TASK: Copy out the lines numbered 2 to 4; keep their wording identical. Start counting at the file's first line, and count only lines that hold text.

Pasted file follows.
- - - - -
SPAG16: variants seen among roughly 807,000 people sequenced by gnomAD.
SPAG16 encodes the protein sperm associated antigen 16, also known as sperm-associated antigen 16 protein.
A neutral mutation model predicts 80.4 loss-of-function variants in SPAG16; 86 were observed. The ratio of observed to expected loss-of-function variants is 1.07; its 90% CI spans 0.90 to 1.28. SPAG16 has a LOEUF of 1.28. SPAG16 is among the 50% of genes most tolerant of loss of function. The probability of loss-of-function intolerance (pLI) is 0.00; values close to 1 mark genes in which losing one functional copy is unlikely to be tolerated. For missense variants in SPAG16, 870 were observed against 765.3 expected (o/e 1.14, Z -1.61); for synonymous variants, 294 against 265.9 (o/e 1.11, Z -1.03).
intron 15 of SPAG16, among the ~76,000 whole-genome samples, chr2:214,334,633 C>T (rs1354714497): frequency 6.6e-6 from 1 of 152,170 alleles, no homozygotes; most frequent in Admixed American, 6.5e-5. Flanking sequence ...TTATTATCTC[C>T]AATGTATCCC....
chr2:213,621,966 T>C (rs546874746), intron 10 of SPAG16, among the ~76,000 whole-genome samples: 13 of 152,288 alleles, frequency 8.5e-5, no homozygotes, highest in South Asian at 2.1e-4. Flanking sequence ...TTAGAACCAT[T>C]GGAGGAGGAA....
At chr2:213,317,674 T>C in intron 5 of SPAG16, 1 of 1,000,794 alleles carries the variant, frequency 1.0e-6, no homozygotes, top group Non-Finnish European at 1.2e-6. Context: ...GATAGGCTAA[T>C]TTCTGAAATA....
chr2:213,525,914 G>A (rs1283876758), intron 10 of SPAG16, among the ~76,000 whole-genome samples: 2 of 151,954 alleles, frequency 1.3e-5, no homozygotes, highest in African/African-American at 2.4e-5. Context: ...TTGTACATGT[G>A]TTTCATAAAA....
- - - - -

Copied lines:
SPAG16 encodes the protein sperm associated antigen 16, also known as sperm-associated antigen 16 protein.
A neutral mutation model predicts 80.4 loss-of-function variants in SPAG16; 86 were observed. The ratio of observed to expected loss-of-function variants is 1.07; its 90% CI spans 0.90 to 1.28. SPAG16 has a LOEUF of 1.28. SPAG16 is among the 50% of genes most tolerant of loss of function. The probability of loss-of-function intolerance (pLI) is 0.00; values close to 1 mark genes in which losing one functional copy is unlikely to be tolerated. For missense variants in SPAG16, 870 were observed against 765.3 expected (o/e 1.14, Z -1.61); for synonymous variants, 294 against 265.9 (o/e 1.11, Z -1.03).
intron 15 of SPAG16, among the ~76,000 whole-genome samples, chr2:214,334,633 C>T (rs1354714497): frequency 6.6e-6 from 1 of 152,170 alleles, no homozygotes; most frequent in Admixed American, 6.5e-5. Flanking sequence ...TTATTATCTC[C>T]AATGTATCCC....